Of Miyazakis and Men

Mark Tjan, blogger Hidoshi, writes a worthwhile (if not lacking structure, but that’s how rants and my own writing are, so that’s not a complaint) piece, Marge, I think I hate Hayao Miyazaki. Hayao Miyazaki gets idolized behind what he should, or at least that’s gist of the post. Read it for the full detail of the argument, namely the “why” behind the sentiment.

It’s obviously the inexperienced fans (fans having seen little high quality animation) hyping up and strongly defending Miyazaki’s works, no matter what, “Miyazaki-sama can do no wrong”, leading up to the point where Mark writes with such passion about his views on Miyazaki’s moves. Without the hype, there would have been nothing worth writing about.

Because there’s something worth writing about, Mark is able to descend into analyzing many of Miyazaki’s films, at least a little here and a little there. I must admit, for his views, what he says has a lot of merit. I don’t agree with all his views personally, but that’s my views of what I like to watch and his views of what he likes to watch. I gave my own reply in a comment there:

Wow, talk about the type of topic which should get a countless number of replies.

I think my older brother summed it up best when he and I watched Princess Mononoke one night, and were about halfway through the film, when he asked me, “Why was he doing this thing, again?” Ashitaka was roaming through some forest, and you can off course say “the attentive watcher knows he’s trying to cure his curse,” but it all comes across as a haphazard mismatch of events. Then suddenly it’s getting involved with a wolf-raised girl, followed by saving a godly Forest Spirit.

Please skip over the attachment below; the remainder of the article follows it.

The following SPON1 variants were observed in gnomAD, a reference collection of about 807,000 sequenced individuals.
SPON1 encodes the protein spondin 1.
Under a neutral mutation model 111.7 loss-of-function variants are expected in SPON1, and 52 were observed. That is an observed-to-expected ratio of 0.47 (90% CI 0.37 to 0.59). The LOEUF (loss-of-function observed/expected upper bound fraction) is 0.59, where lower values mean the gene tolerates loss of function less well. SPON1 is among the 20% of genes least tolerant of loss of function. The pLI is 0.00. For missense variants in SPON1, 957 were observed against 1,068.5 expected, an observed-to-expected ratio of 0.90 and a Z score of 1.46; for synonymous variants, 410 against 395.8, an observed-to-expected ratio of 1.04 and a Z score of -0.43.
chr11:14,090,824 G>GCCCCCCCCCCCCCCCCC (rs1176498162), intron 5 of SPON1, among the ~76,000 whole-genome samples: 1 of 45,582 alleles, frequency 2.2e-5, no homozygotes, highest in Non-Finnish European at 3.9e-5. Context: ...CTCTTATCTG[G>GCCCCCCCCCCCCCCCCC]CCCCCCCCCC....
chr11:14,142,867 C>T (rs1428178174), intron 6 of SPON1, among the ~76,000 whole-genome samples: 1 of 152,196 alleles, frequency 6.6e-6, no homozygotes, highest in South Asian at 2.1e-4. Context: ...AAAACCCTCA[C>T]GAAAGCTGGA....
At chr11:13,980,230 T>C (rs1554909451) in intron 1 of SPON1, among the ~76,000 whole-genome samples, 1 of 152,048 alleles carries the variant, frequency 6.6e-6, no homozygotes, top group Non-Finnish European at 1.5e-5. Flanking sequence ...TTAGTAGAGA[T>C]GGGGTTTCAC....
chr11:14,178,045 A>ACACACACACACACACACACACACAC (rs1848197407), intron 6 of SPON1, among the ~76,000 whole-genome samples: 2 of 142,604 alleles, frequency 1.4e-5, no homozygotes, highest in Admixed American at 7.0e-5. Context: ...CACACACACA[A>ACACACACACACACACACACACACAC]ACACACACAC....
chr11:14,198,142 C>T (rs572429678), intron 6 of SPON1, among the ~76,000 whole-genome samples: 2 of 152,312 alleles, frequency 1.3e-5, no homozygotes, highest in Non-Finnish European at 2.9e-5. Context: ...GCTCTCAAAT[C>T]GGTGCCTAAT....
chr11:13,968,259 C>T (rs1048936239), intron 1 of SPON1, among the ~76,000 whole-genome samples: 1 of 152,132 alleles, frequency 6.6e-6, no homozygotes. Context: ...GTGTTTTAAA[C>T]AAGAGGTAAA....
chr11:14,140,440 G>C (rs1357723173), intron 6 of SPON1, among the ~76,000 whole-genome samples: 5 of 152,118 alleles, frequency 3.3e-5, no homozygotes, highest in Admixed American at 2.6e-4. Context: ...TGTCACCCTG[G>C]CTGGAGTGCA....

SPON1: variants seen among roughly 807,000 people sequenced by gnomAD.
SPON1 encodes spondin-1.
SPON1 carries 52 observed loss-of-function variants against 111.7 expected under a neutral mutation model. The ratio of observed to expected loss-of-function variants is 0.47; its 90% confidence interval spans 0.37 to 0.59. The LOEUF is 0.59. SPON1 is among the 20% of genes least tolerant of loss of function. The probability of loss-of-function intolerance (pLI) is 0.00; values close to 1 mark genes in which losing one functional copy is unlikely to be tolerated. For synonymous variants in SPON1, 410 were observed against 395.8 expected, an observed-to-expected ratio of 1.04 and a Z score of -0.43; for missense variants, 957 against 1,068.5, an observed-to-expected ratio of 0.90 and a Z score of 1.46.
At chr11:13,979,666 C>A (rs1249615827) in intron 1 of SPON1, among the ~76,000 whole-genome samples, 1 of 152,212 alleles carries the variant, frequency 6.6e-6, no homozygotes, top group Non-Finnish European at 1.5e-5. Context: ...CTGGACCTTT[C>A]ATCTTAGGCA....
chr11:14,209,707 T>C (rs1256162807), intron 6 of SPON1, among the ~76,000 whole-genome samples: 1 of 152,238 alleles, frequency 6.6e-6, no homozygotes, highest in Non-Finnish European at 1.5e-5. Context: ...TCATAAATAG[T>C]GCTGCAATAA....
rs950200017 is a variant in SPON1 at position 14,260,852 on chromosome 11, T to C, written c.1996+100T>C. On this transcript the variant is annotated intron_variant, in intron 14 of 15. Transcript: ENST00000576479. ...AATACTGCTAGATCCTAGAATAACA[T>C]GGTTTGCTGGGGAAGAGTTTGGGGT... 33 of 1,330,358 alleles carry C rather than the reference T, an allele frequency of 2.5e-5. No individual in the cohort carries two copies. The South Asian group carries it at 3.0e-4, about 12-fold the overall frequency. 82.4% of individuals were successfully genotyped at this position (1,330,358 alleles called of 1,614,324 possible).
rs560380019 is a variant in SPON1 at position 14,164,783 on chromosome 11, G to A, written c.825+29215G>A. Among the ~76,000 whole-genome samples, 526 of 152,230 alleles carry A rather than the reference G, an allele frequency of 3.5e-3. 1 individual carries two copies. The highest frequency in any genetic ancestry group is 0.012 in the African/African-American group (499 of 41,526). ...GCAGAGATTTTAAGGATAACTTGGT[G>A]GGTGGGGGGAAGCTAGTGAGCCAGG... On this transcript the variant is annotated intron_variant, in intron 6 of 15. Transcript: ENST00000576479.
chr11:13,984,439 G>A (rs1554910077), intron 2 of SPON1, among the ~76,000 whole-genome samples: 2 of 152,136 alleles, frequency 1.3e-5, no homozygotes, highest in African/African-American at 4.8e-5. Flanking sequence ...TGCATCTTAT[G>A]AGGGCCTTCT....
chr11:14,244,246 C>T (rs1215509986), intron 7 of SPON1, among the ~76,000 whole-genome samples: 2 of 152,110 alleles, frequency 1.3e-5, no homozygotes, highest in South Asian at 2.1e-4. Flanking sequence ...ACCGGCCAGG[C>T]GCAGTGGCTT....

Back when I had more time to sit an enjoy watching media for long periods of time, and when I had no income, meaning I was left re-watching what I owned time and time again, I re-watched Miyazaki’s films so many times. I do enjoy them, but if I try watching one today, it I find myself overly aware of the amount of time having passed. I have to break it up and watch it over a number of sessions. This would be different if I were watching a movie for the first time, of course.

I think Whisper might be my favorite not by Miyazaki. By Miyazaki, that position goes either to My Neighbor Totoro or Kiki’s Delivery Service. I enjoy (more so when time allowed) sitting back and watching Satsuki and Mei’s adventures, their joy and their sorrow.

With Kiki’s Delivery Service, it’s enjoyable for me to watch the struggles Kiki has as an individual, the feelings of inadequacy, and how an inability to fit in leads to depression which she must work through. No matter what Kadono may think of what Miyazaki did to her characters, I’ll content that he took a girl who simply followed one event after another (call it “slice of life for the broom rider”) on paper, and created a personality for her.

As for Porco Rosso, I think maybe I can see where it can appear unfinished, but I see it as telling the story as far as it needs to. Marco finds redemption, and because of this, he’s finally able to be with Gina. To me, it was a movie about Marco all along. The other characters simply passed time and put him into situations of growth.

To me, Castle in the Sky is …I’m not sure what to say about it, actually. I’m not fond of all the shooting and robots destroying things, but I like the story. A boy with a dream. A girl with an unknown legacy. Their paths are intertwined even before they meet one another, and their chance meeting is what sets off their adventure. In the end, the bad guy is defeated, the kids survive, the boy’s dream fulfilled and the girl’s past no longer a mystery. The castle in the sky and its inhabitants can rest in peace, knowing no longer will the power of the crystal there be used as a weapon.

On the other hand, Howl’s Moving Castle had me confused the whole way through. Blame it on me not noticing minor items (such as a single comment about the prince by a guy reading a newspaper), but it wasn’t until my second watch through when I finally understood the ending. It’s a nice enough film, I guess. It just didn’t have the magic of Kiki’s Delivery Service or Spirited Away for me.